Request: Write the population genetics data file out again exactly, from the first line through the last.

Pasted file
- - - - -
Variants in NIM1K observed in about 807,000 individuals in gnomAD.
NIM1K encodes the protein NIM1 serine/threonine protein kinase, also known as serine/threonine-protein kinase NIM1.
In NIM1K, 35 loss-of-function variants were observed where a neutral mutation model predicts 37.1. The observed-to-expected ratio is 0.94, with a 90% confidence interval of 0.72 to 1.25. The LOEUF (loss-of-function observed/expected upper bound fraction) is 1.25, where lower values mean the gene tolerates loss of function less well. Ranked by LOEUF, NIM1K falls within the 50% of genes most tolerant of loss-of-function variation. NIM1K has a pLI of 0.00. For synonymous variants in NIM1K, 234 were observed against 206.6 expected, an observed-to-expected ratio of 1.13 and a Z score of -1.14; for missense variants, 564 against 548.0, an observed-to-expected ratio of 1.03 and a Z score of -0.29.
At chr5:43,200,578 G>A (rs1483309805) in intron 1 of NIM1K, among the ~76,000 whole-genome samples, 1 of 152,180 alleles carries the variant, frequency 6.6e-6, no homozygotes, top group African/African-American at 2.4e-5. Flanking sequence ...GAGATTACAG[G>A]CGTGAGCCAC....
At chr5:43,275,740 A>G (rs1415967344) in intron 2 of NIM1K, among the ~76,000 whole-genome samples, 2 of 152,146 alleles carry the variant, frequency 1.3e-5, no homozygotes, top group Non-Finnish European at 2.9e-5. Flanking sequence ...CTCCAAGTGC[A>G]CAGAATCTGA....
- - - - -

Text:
Variants in NIM1K observed in about 807,000 individuals in gnomAD.
NIM1K encodes the protein NIM1 serine/threonine protein kinase, also known as serine/threonine-protein kinase NIM1.
In NIM1K, 35 loss-of-function variants were observed where a neutral mutation model predicts 37.1. The observed-to-expected ratio is 0.94, with a 90% confidence interval of 0.72 to 1.25. The LOEUF (loss-of-function observed/expected upper bound fraction) is 1.25, where lower values mean the gene tolerates loss of function less well. Ranked by LOEUF, NIM1K falls within the 50% of genes most tolerant of loss-of-function variation. NIM1K has a pLI of 0.00. For synonymous variants in NIM1K, 234 were observed against 206.6 expected, an observed-to-expected ratio of 1.13 and a Z score of -1.14; for missense variants, 564 against 548.0, an observed-to-expected ratio of 1.03 and a Z score of -0.29.
At chr5:43,200,578 G>A (rs1483309805) in intron 1 of NIM1K, among the ~76,000 whole-genome samples, 1 of 152,180 alleles carries the variant, frequency 6.6e-6, no homozygotes, top group African/African-American at 2.4e-5. Flanking sequence ...GAGATTACAG[G>A]CGTGAGCCAC....
At chr5:43,275,740 A>G (rs1415967344) in intron 2 of NIM1K, among the ~76,000 whole-genome samples, 2 of 152,146 alleles carry the variant, frequency 1.3e-5, no homozygotes, top group Non-Finnish European at 2.9e-5. Flanking sequence ...CTCCAAGTGC[A>G]CAGAATCTGA....